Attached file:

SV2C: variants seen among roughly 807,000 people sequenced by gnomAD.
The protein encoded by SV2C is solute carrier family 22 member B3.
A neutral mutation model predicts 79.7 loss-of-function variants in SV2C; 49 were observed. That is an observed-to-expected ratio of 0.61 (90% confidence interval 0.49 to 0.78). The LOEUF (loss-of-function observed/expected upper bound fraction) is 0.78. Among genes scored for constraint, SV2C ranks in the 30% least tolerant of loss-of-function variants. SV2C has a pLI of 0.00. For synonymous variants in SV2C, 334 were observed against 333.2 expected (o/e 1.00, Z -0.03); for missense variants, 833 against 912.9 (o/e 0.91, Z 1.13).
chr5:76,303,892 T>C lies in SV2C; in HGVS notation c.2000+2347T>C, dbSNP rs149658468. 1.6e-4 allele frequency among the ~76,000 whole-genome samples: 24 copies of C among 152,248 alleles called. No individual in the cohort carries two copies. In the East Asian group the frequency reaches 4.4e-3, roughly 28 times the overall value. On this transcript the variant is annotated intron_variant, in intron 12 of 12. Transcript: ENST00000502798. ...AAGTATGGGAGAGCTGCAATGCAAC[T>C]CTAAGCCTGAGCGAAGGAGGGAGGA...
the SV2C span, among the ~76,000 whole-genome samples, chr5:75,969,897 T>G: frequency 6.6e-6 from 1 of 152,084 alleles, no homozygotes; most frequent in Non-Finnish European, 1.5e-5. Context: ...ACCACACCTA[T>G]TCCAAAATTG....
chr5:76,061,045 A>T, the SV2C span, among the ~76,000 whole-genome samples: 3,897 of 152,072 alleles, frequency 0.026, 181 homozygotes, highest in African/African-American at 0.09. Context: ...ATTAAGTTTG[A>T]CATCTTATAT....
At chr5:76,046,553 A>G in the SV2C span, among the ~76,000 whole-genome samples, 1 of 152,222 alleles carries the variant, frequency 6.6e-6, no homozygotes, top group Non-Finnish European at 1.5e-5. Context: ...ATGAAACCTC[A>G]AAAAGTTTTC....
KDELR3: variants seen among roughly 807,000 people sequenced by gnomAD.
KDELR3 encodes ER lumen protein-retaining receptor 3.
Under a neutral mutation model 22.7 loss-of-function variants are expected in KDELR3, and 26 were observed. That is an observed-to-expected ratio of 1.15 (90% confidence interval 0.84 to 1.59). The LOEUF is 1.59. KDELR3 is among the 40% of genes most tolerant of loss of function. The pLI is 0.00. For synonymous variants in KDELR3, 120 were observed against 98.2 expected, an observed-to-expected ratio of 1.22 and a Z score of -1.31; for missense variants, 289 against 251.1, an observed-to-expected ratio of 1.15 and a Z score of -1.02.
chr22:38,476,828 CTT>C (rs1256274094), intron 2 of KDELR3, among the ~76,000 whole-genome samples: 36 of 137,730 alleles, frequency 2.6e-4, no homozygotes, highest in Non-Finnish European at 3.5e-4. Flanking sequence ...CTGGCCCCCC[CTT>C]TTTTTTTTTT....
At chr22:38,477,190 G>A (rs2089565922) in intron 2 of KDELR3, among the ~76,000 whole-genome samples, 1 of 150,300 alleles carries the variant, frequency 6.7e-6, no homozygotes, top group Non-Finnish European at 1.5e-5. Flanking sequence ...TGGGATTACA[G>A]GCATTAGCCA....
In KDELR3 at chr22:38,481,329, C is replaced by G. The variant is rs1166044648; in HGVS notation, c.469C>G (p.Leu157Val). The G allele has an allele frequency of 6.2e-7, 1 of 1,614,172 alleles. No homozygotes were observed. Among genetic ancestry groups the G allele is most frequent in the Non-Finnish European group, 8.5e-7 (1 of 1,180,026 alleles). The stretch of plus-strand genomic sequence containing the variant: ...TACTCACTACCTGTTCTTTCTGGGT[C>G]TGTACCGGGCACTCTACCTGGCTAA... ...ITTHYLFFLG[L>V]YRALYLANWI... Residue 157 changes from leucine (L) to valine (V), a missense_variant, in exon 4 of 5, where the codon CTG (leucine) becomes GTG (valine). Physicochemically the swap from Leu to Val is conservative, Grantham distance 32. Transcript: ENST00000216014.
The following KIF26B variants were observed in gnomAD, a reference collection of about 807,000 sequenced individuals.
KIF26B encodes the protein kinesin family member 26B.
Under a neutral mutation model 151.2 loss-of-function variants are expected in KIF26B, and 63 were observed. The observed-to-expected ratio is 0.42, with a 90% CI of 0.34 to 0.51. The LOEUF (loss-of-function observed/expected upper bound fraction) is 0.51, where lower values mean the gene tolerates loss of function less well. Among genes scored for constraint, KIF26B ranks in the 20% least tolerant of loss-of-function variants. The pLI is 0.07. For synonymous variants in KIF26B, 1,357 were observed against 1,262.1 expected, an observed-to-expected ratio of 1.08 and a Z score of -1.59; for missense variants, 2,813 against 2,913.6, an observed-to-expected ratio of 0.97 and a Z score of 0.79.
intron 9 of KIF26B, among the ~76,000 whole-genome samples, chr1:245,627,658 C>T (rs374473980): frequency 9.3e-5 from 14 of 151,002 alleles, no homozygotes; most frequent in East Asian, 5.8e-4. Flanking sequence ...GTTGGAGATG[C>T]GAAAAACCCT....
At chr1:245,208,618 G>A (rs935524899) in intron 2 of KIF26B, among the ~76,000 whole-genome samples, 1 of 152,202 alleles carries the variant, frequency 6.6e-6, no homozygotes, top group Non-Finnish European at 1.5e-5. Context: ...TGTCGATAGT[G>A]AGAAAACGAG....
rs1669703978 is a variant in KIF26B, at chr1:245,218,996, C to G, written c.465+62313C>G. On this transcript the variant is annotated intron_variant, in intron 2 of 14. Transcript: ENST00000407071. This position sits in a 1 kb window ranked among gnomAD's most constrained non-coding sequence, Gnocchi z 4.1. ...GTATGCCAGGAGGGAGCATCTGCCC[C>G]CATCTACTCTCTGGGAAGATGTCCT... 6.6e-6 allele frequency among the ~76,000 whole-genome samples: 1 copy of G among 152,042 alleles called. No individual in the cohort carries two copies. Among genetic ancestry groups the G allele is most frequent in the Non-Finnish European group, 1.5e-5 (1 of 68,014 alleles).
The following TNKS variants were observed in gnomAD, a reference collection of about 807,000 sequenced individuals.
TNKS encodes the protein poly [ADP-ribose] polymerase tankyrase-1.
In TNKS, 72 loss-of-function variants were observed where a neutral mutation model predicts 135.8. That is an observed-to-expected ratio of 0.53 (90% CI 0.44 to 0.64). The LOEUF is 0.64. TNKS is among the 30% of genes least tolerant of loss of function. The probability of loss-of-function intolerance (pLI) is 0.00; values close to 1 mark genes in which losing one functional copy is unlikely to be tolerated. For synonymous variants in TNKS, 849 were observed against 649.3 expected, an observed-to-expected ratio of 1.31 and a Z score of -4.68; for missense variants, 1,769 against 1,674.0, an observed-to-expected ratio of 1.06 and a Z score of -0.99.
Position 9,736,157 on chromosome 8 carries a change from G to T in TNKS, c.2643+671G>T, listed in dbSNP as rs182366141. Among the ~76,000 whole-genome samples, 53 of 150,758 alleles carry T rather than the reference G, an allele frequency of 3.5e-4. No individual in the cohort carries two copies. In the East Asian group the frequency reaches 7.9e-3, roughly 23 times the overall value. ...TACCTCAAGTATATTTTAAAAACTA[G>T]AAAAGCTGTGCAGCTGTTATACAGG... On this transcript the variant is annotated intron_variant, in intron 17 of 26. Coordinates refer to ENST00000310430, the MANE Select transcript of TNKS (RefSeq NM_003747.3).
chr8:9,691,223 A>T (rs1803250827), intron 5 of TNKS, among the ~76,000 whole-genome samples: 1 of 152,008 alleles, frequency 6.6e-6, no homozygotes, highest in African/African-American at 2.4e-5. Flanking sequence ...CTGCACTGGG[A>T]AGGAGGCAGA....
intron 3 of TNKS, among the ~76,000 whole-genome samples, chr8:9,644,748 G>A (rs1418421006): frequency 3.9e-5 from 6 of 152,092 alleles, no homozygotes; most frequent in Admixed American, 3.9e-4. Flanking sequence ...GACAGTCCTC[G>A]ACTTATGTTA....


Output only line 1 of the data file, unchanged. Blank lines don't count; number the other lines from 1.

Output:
SV2C: variants seen among roughly 807,000 people sequenced by gnomAD.